Python ** comment removed

For instance, in math -2^2 yields 4, while in Python -2**2 yields -4.

I don't know about you, but I've done Further Maths at A-level and Computer Science with Maths at university, and in absolutely every situation where an expression of the form -xy was involved, it means -(xy); parentheses are used explicitly where the (-x)y meaning is desired. Thus, I've removed this "reason" from the Python section. Keiji 09:18, 17 July 2011 (PDT)

As a fellow mathematics graduate, I concur. — Timwi (talk) 04:46, 9 August 2013 (PDT)

Supports 'goto'

Why would a language supporting a feature you don't have to use make it suck? If it was something like "goto is the only way to idiomatically do x", then fine, but the "goto" keyword simply being there? Mephistopheles 05:24, 20 April 2012 (PDT)

  • +1 -- User:groovem
  • Because you might write crappy code that uses goto, and then I have to maintain it. Granted, if you're just that bad of a programmer, you'll figure out how to write crappy code without gotos, but why would a good language provide a feature that is misused 99.9% of the time, and provides other perhaps slightly less eloquent (but still reasonable) ways of handling the other 0.1%? Besides that, things like goto are noob traps, they use it in a simple program, it works fine, so they assume it scales up to other, more complex situations too, which it won't. LadyCailin 10:24, 3 January 2013 (PST)
  • I think some distinction may be in order here. C and C++ have given “goto” a bad name by making it an incredibly sucky feature. You can use it in ways that will crash your program or make the code make no sense. C# has a “goto” that is completely safe. You cannot use “goto” to jump into a for loop, out of a finally clause, or any crazy shit like that. Such a safe goto is as useful and unsucky a feature as any well-respected standard language feature like while loops or method overloading. — Timwi (talk) 04:39, 9 August 2013 (PDT)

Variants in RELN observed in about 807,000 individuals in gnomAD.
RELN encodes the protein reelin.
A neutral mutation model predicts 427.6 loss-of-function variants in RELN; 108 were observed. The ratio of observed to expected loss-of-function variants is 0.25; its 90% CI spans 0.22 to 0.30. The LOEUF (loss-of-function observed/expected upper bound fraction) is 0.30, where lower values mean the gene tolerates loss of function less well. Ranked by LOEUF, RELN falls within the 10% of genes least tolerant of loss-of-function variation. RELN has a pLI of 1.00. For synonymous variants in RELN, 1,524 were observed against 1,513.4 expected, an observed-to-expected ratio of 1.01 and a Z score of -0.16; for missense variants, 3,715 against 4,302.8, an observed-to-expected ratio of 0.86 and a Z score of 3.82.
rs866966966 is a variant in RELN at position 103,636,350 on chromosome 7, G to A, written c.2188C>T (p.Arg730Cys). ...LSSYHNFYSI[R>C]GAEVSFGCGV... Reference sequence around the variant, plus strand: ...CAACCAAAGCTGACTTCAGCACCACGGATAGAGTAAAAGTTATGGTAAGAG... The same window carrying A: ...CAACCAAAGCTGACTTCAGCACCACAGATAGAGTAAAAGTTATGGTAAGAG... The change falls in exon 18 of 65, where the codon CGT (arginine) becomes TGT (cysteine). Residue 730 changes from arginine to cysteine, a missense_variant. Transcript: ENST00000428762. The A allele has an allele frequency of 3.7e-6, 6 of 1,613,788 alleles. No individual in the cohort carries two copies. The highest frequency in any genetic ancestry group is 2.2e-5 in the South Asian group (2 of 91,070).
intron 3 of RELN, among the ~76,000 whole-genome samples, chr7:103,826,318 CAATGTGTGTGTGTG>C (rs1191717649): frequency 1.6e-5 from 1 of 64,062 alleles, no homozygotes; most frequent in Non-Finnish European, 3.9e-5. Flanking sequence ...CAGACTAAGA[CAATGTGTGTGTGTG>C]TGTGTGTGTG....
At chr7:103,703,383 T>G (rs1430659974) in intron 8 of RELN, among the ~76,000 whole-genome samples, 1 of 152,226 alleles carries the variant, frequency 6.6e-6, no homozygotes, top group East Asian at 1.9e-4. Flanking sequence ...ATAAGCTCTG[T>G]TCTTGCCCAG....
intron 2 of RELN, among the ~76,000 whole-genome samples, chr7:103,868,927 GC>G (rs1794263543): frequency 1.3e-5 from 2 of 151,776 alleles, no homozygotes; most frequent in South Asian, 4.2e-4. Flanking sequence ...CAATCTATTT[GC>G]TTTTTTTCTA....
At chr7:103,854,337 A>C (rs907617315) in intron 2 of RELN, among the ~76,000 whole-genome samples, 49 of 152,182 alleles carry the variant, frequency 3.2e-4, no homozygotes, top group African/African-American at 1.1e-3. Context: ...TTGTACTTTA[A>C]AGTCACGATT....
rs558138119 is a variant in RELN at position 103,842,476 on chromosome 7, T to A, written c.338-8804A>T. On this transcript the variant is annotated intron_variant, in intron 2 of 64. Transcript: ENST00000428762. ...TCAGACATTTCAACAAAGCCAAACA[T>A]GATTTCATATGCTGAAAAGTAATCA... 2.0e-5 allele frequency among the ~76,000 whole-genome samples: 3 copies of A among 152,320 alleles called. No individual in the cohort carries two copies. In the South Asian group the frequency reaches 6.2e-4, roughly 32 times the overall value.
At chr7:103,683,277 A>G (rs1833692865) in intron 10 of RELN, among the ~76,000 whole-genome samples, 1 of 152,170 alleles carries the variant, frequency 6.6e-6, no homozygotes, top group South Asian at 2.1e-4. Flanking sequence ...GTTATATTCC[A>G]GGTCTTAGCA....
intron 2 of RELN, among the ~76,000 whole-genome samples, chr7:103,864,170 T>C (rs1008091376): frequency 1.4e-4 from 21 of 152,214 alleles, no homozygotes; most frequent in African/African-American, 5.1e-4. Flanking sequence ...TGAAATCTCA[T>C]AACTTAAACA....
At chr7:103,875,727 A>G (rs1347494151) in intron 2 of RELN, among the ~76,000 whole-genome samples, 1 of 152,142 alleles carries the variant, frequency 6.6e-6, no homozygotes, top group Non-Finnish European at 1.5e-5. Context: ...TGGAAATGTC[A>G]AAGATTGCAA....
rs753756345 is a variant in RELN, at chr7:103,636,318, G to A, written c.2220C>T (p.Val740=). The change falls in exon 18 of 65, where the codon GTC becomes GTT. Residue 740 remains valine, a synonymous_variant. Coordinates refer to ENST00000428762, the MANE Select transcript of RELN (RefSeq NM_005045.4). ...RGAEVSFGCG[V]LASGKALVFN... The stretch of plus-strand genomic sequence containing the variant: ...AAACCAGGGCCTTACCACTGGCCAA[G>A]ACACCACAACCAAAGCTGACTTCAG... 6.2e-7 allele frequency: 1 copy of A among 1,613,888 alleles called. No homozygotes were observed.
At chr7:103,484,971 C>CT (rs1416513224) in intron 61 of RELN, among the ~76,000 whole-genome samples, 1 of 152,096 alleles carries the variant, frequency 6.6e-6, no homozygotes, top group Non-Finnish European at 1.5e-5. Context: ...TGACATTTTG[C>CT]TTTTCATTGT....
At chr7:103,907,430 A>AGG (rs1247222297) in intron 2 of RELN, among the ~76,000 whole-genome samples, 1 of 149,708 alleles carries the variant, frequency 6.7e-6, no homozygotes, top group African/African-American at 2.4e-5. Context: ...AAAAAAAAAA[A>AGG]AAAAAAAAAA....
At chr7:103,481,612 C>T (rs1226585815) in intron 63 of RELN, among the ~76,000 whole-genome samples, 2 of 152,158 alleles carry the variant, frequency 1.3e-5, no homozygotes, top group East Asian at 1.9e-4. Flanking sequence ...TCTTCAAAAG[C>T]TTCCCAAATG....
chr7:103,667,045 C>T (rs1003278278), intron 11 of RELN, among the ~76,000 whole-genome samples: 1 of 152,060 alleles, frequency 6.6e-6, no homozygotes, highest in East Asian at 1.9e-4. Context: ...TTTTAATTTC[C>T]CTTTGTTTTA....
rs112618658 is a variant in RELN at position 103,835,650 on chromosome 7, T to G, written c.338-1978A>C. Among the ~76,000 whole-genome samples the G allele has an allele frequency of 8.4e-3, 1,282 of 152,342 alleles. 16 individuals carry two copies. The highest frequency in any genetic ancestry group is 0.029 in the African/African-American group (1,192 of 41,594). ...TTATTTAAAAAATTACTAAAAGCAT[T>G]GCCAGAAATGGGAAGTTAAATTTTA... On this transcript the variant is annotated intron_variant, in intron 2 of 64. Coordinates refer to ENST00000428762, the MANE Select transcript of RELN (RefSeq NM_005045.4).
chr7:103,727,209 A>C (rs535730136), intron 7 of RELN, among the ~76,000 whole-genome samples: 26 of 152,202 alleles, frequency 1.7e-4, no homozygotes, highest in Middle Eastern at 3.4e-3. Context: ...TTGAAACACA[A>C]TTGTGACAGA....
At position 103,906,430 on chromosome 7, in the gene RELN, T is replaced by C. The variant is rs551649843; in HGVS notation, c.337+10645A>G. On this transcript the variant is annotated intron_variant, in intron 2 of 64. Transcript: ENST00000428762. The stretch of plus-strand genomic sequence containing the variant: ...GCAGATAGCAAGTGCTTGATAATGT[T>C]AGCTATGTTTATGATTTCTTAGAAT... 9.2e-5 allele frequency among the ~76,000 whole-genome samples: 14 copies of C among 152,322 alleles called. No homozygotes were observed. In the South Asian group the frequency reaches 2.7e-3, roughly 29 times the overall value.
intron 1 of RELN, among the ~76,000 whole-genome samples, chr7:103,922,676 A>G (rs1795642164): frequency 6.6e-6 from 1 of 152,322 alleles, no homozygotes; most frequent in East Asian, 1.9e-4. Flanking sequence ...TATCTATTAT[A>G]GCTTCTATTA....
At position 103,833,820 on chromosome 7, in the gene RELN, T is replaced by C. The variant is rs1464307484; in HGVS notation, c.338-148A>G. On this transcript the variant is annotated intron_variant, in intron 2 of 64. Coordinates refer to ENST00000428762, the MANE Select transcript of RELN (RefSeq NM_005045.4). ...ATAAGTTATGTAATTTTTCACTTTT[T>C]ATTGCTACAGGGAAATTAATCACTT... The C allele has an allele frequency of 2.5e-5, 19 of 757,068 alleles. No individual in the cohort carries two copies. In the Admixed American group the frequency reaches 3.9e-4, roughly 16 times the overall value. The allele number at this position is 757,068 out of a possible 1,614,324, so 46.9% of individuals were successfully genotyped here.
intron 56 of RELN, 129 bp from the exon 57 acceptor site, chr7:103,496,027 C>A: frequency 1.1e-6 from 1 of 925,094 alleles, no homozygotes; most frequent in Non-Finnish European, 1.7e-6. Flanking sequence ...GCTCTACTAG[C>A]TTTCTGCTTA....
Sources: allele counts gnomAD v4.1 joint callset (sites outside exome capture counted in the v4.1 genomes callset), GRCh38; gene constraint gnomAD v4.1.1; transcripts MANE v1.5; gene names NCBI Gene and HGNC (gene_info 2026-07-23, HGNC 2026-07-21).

Can we add bash?

Bash is a gold mine of things that suck. That should be a section.

Perl 5 sucks because:

Sigil variance is hugely annoying

  Sigil variance is not annoying..  it is necessary and powerful.  
      my @a = ('a', 'b', 'c', 'd');
      my %h = (a => 1, b => 2, c => 3, d => 4);
      my $c = $a[2];         #  scalar; Third element of the array @a
      my @l = @a[1,3];       #  Array slice; @l contains ('b', 'd'); 
      my $a1 = $h{'a'};      #  scalar; the value of %h associated with the key 'a'
      my @v = @h{'b', 'd'};  # Hash slice; @v contains (2, 4)

hashes don't stay in order like they do in most other languages. This can (and, except for luck, does) mean that reading a JSON string into a data structure and then reencoding it without modifying it except to decode and encode will end up with a different JSON string (even without paying attention to anything that might otherwise muck it up like different character encoding schemes or differences in whitespace used by the encoder).

   That is intentional.  It is a security feature, not an accidental flaw to make someones life complicated.  [1]

just like Ruby it has redundant keyword "unless". You can do "if not" at least in three ways, which can lead to confusion and spoiling readability of code:

    If you don't like unless, don't use it.  Also, the two examples given with '!' and 'not' within an if statement are NOT equivalent.  In the example they
    would work in the same way..  but '!' and 'not' are not just synonyms, and there are subtle differences between the two, namely where the sit in order
    of precedence.

what's with all the $,@,%,& things in front of variables? It takes a lot of effort to type those redundancies every single time ... C and most others let you define a type just once, and then you can use it without reminding yourself what it is. In any case, that Perl lets you change the thing depending on what you want to do so it's even more stupid to use say @ and $ in front of the same var.

  Another complaint about sigils?  They are at the core of perl syntax..  if you don't like them, move on along.  As far as "Perl lets you change the thing depending on what you want to do" goes, I don't get it.  $a, @a, %a, &a..  all refer to the symbol 'a' in the symbol table, but are separate entities.  So, a change to @a has no effect upon the contents of %a, $a, etc.